How do i edit a batch file while in the command line?
notepad c:\directory\source-file or edit c:\directory\source-file though notepad will only work if you have a GUI so if you only have cmd.exe go with edit @Kind_Lad: that is why i mentioned that it only works in a GUI....sometimes you use terminal emulators while booted into normal mode on windows. this might be helpful: http://www.knowledgesutra.com/index.php/... i did a little reading and i guess they got rid of the edit command a while back. but all you really need is a text editor that works in command line. for example in linux i use nano. you might also try the; edlin command
How do I run a Java program using a .bat file in Windows?
I don’t know why you need .bat for this. Maybe you have a command line program and you just want to execute the program on command line instead of eclipse. If this is what you wanna do then you can export you project from eclipse to a executable jar file which will run your program in console when you double click on it.You can export your program from the JAR Export Dialog. Here are the instructions to export in jar from official Eclipse help : Help - Eclipse PlatformCreating a New Runnable JAR FileTo create a new runnable JAR file in the workbench:From the menu bar's File menu, select Export.Expand the Java node and select Runnable JAR file. Click Next.In the Runnable JAR File Specification page, select a 'Java Application' launch configuration to use to create a runnable JAR.In the Export destination field, either type or click Browse to select a location for the JAR file.Select an appropriate library handling strategy.Optionally, you can also create an ANT script to quickly regenerate a previously created runnable JAR file.One more thing, If your program just opens, executes some code, and completes execution then maybe console will just appear and disappear and you won’t be able so see anything. What you can do to solve this is at the end of the program you can wait for the user to press a key. After the use press the key, the program will terminate.EDIT : For running the program from .bat file, you do have to follow above steps. After that create a new file in notepad, type the command “java -jar path_to_jar_file.jar” without quotes and replace path_to_jar_file.jar with the absolute path of your jar file or if the jar file is in the same directory as the .bat file then you can use relative path and enter only the file_name.jar instead of full path. After that save it with an extension .bat selecting file type as all files and you’ll get a .bat file which on clicking will open that jar file.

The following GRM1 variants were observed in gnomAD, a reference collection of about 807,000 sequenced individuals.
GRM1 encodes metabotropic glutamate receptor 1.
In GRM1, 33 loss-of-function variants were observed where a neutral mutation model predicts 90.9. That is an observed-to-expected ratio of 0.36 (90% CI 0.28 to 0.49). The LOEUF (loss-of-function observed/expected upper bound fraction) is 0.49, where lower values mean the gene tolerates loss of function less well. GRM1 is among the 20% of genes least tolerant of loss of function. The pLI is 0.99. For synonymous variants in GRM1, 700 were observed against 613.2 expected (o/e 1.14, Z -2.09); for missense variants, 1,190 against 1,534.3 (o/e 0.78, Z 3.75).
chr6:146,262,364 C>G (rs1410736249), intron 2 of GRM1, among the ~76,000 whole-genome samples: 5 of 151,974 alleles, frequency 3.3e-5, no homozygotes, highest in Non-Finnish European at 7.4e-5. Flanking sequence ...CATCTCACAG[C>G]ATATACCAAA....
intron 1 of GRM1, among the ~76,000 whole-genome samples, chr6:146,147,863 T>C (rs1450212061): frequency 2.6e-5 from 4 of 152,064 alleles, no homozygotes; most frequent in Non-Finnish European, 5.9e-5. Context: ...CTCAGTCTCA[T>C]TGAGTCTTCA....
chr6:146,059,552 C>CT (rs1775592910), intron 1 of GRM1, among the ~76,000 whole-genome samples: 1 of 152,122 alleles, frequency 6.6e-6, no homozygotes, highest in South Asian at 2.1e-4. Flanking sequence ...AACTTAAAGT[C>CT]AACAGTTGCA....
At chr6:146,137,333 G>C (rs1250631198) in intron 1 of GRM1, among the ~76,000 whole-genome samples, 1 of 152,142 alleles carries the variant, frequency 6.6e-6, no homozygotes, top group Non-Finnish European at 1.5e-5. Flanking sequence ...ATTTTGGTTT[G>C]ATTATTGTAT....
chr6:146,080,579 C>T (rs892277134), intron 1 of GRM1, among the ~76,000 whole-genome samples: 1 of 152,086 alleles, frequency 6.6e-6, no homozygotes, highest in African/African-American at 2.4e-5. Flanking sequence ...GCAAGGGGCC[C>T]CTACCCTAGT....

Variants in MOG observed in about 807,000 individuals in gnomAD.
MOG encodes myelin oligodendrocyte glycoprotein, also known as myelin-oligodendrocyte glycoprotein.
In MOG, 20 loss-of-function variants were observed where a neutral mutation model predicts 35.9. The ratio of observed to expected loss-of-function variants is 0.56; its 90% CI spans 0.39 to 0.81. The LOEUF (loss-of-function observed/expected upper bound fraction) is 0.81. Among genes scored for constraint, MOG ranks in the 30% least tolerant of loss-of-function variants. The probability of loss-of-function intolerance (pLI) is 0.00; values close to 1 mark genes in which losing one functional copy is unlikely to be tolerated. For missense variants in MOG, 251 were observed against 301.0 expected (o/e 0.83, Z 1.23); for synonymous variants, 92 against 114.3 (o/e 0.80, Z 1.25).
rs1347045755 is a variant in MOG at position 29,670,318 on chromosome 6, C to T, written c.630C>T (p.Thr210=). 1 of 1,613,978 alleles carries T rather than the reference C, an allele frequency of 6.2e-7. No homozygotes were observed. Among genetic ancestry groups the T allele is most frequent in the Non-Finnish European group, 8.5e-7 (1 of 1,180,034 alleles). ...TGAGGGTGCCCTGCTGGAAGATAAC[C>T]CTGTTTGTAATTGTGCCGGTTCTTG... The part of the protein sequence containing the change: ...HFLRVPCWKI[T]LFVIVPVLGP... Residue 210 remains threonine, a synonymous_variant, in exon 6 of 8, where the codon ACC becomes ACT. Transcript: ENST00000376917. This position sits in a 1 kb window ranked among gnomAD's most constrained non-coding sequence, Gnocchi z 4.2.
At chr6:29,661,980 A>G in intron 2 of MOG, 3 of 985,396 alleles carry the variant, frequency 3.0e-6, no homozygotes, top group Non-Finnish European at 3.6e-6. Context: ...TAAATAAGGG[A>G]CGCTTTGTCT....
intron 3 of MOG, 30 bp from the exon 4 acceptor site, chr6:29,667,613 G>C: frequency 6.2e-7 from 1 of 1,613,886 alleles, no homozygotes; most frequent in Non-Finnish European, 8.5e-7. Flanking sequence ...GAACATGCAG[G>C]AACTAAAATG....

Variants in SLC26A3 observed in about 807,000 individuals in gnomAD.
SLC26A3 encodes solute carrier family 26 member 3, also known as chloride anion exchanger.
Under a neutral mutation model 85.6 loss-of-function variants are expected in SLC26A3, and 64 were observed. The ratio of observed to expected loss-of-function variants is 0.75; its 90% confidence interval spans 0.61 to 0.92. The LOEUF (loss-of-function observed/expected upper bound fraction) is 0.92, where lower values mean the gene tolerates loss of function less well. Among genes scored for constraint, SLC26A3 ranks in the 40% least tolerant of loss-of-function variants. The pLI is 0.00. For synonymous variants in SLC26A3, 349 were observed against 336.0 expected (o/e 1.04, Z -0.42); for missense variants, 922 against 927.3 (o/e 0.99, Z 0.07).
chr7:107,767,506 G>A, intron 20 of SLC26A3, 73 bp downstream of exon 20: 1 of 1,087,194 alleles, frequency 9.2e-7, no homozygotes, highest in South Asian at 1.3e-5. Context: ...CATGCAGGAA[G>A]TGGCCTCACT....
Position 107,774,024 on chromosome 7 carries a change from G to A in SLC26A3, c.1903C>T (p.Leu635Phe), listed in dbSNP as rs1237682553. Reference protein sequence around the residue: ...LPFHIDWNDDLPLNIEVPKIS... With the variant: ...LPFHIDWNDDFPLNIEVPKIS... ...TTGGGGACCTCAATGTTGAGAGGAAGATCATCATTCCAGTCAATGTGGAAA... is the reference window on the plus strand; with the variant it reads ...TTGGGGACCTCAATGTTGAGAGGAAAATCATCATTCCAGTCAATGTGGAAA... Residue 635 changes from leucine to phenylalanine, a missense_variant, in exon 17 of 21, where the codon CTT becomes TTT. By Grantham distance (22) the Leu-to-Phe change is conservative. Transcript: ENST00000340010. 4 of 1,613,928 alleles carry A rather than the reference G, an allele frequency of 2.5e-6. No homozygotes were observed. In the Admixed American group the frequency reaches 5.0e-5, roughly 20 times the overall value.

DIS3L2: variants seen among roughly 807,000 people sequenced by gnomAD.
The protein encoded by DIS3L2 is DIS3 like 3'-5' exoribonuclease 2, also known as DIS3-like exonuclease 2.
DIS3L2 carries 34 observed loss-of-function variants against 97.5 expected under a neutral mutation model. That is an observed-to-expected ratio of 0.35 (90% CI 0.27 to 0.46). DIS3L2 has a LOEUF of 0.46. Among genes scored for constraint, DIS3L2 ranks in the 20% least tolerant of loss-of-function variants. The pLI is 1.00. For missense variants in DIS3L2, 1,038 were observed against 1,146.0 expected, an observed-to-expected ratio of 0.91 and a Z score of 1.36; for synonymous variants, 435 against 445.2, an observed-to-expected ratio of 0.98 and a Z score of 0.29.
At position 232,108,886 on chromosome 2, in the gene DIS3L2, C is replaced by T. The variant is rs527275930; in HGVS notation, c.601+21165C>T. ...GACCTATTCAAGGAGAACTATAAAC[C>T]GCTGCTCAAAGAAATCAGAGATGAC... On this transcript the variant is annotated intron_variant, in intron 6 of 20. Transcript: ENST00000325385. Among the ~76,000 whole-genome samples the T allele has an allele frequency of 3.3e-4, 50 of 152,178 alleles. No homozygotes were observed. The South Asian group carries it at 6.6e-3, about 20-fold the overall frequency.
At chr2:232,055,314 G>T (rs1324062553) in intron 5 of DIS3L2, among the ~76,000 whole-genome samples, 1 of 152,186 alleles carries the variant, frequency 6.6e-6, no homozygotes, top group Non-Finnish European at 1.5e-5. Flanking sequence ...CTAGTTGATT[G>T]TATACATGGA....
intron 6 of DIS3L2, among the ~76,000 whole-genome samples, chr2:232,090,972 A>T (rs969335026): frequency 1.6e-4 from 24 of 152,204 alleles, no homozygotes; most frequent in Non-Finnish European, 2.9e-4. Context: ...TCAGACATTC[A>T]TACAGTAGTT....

Text for a batch file to run msconfig?
Easily Create a new text file and in that text file, type (without quotes) "msconfig" (hit enter) Save the file on your desktop (ie. msconfig.txt) Go to the file and change the file to a batch file (ie. msconfig.bat). Now all you have to do is double-click on the icon to open the msconfig menu. EDIT: You may have to open "My Computer" and uncheck the file options to "hide extensions of known file types" before you can change the extension.
Before the invention of GUI (with desktop with icons, start menu etc.) for modern computers, how did using the computer look like? Was it all in Shell/Command Prompt?
This depends, but in general although shell/command prompt interfaces were common (on home computers, DOS, CP/M, etc were common), they weren’t the only option. The were some fairly sophisticated smart console interfaces that had sub-menus/primitive windows; in many of them you’d have a menu across the top and other things that are familiar to modern GUI users, sometimes even with mouse support:And of course there were early text-mode word processors and spreadsheets:Of course, those required smart consoles (vt100 and the like). A dumb terminal/glass TTY lacked the addressable cursor needed to use such interfaces, but could do a batch menu-type interface (which was also common on DOS machines as it was trivial for even a smart teenager to design one):And if you go back further, even a dumb terminal wasn’t always available; earlier machines often had a paper TTY:And of course, even that keyboard interface was a relative luxury compared to predecessors, which might have only a punch card interface or even require manual manipulation of relays, cables, etc:
How can I check my HP laptop's serial number?
Search Windows for CMD.EXE, and open Command Prompt from the search results.A command window opens.At the command prompt, type wmic bios get serialnumber , and then press Enter.Hope that helps you out!